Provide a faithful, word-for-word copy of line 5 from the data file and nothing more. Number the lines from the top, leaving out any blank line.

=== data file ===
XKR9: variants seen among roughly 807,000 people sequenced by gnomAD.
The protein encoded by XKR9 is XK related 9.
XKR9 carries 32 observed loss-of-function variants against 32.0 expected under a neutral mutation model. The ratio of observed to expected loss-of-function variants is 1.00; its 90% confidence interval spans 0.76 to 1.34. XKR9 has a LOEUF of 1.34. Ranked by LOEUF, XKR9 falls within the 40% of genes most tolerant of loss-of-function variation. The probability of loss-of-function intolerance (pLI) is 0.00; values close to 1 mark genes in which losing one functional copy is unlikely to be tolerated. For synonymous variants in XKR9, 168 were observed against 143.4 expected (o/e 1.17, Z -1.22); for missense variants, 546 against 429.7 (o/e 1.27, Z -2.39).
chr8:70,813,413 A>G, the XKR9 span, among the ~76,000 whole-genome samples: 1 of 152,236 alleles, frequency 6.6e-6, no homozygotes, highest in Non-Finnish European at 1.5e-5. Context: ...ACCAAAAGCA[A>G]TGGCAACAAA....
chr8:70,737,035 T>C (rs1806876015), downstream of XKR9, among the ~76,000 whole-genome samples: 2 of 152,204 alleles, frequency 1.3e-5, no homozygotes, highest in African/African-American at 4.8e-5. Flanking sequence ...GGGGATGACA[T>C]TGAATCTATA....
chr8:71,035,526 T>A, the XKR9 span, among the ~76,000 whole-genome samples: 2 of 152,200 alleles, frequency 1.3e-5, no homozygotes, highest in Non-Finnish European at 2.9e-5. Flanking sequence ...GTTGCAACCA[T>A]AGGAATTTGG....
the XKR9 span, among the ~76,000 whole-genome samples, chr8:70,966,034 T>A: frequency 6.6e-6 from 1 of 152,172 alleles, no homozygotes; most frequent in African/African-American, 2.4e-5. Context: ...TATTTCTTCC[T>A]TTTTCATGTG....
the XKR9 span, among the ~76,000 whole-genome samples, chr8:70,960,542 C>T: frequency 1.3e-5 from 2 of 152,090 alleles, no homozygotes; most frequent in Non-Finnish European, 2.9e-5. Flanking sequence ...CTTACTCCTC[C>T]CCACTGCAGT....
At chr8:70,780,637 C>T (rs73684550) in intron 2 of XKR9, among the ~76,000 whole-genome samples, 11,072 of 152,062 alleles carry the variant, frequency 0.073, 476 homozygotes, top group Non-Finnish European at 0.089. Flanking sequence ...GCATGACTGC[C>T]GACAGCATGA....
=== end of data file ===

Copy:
chr8:70,737,035 T>C (rs1806876015), downstream of XKR9, among the ~76,000 whole-genome samples: 2 of 152,204 alleles, frequency 1.3e-5, no homozygotes, highest in African/African-American at 4.8e-5. Flanking sequence ...GGGGATGACA[T>C]TGAATCTATA....